At the start of the article, I called OnePlus as an affordable flagship. This was because it misses out on some premium features found on higher-end devices. For example, there’s no wireless charging or even IP rating (although it’s water resistant). There are no fancy options like a transparent back, stereo speakers or even features like edge sense.
But it has everything that you would expect in a standard flagship, including a headphone jack. So it doesn’t miss out on any essential feature, just the ones that could be defined as premium. In general, it’s a complete flagship on paper.
OnePlus 6 Review: Software
OnePlus’ OxygenOS is among the best implementations of near stock Android on a smartphone. So, OxygenOS on the OnePlus 6 is a treat to work with. The subtle animations and features are fluid and quick and you’ll be happy with the overall experience. The best thing about OxygenOS is that the company doesn’t try to add a lot of features, only a handful that you most likely would use on a day to day basis.
If you are set for a reading spree on the OnePlus 6, you can turn on its special reading mode (available on the quick settings panel) which will automatically adjust the screen temperature and calibration for optimum reading experience. You can either manually turn it on from the settings or you can assign specific apps which will turn on this feature automatically.
The same is applicable in the gaming mode. You can either assign apps or turn it on manually. Apart from blocking notifications, this particular mode allows you to tweak the battery consumption as well as network data priority. It’s a really handy feature for avid gamers. Personally, I don’t play a lot of games on my phone but I still like that you have the option to tweak these essential settings.
For a phone which aims to bring out the maximum screen real estate from its 6.28-inch display, I hate to see on screen buttons covering the lower half of the device. This is exactly why I immediately switched to gesture based navigation as soon as I got the phone for review. Initially, I was a bit skeptical about the gestures but turns out it’s as good as you can get on an Android phone at the moment. You can swipe up from the button to go to home or swipe up from the right or left corner to go one step back. These two gestures work flawlessly and not once did they fail to work, which is definitely good news. The swipe up and hold gesture to open up the recent apps menu isn’t as intuitive as touching a button (since there’s a second’s delay). If you are someone like me who used the recent apps menu to switch between apps at lightening speeds, this particular gesture does feel a bit slow. But its definitely not a deal breaker considering how much screen space you save without the onscreen buttons at the bottom.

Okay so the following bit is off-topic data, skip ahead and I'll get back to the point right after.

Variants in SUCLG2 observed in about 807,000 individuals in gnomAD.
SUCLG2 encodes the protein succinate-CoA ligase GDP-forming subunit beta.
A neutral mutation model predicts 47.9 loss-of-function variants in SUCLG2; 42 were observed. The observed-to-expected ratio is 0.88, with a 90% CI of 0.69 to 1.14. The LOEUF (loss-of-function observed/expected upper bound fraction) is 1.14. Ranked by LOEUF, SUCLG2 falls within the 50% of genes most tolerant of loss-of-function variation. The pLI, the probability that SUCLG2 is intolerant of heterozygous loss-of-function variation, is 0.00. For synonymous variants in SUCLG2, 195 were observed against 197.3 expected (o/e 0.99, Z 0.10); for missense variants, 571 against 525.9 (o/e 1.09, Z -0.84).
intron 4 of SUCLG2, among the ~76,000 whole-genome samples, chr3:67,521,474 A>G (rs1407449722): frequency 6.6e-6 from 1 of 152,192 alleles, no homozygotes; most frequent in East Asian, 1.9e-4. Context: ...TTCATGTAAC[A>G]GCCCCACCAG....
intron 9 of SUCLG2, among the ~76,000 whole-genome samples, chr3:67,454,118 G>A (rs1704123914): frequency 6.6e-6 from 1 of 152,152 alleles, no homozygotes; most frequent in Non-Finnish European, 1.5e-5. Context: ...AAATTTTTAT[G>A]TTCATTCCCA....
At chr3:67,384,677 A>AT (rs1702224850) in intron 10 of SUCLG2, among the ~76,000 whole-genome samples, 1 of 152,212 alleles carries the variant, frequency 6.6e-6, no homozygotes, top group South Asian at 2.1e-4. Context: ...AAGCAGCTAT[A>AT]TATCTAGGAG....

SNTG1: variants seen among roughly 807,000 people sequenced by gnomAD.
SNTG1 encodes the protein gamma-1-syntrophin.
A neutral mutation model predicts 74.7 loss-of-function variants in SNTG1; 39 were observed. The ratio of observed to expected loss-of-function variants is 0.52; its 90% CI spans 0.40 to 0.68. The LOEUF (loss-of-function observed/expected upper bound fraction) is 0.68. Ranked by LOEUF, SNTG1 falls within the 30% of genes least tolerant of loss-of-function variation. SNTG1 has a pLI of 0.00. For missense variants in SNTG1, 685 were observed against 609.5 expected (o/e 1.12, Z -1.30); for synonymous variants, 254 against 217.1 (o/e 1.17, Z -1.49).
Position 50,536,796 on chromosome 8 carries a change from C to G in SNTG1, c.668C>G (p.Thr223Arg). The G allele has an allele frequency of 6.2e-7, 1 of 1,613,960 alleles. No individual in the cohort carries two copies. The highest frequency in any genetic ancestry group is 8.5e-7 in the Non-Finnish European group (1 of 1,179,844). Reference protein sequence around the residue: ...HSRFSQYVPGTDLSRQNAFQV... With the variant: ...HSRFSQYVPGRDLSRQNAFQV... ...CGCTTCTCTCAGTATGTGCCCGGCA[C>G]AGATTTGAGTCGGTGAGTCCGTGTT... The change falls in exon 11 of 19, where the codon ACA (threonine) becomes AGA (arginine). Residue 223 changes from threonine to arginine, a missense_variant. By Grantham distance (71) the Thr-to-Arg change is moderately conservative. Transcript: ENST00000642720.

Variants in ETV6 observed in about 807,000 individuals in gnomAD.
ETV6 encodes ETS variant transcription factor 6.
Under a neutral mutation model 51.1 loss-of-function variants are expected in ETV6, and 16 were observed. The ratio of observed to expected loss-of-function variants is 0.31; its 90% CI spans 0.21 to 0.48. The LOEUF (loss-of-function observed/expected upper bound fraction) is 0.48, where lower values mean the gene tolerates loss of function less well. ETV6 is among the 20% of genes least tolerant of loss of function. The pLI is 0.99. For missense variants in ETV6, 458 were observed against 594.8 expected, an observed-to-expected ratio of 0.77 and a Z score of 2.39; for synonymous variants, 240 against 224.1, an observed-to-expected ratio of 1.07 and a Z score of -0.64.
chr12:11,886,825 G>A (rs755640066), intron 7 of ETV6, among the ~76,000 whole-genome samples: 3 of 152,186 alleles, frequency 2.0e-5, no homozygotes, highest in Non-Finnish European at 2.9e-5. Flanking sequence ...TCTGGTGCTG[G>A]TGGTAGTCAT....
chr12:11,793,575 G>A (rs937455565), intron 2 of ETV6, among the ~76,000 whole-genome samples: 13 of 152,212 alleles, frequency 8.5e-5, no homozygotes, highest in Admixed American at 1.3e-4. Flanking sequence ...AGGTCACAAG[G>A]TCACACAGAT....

Another thing that I must add in this review is OnePlus’ Face Unlock. I loved the super quick fingerprint sensors on previous OnePlus flagships but the fact that the sensor was at the back of the phone left me disappointed since I often use my phone when it’s lying on the table (like so many users). However, what was a pleasant surprise was the Face Unlock feature on the device. The phone immediately unlocks as you turn on the screen and I have come to realize that I haven’t used its fingerprint sensor in a while. After all, there’s no need to go all the way to the back when your phone is unlocked as soon as you turn on its screen. It’s seamless, quick, and user friendly. Despite the fact that it’s not very secure, I think it has been one of the best features on my OP6.
Then there are other simple yet effective software features such as recent app manager (deep clean option), ambient display, three fingerprint screenshot, long screenshot, double tap to wake, flip to mute, and music control gestures.
Overall, it’s a feature rich OS for your everyday use and works flawlessly on your phone.
OnePlus 6 Review: Camera
Camera was never really the strong point of OnePlus flagships but with the OnePlus 6, things are a lot better than before. The rear camera setup looks similar, a 16MP sensor paired with a 20MP secondary sensor. However, this time, the second 20MP sensor is only present to capture depth information. So unlike the earlier setup wherein the second sensor was said to aid in low light photography, this one has just one sole purpose — bokeh.
The company has instead decided to focus on its primary sensor, increasing the pixel size to 1.22um with a large f/1.7 aperture lens. That not all, OIS and EIS are back on the OP6, unlike the previous generation which skipped on this tech (5T only had EIS).
On the front, you get a 16MP sensor, which is capable of capturing software based bokehs too. So, you’d get some amazing selfies for your social media pages.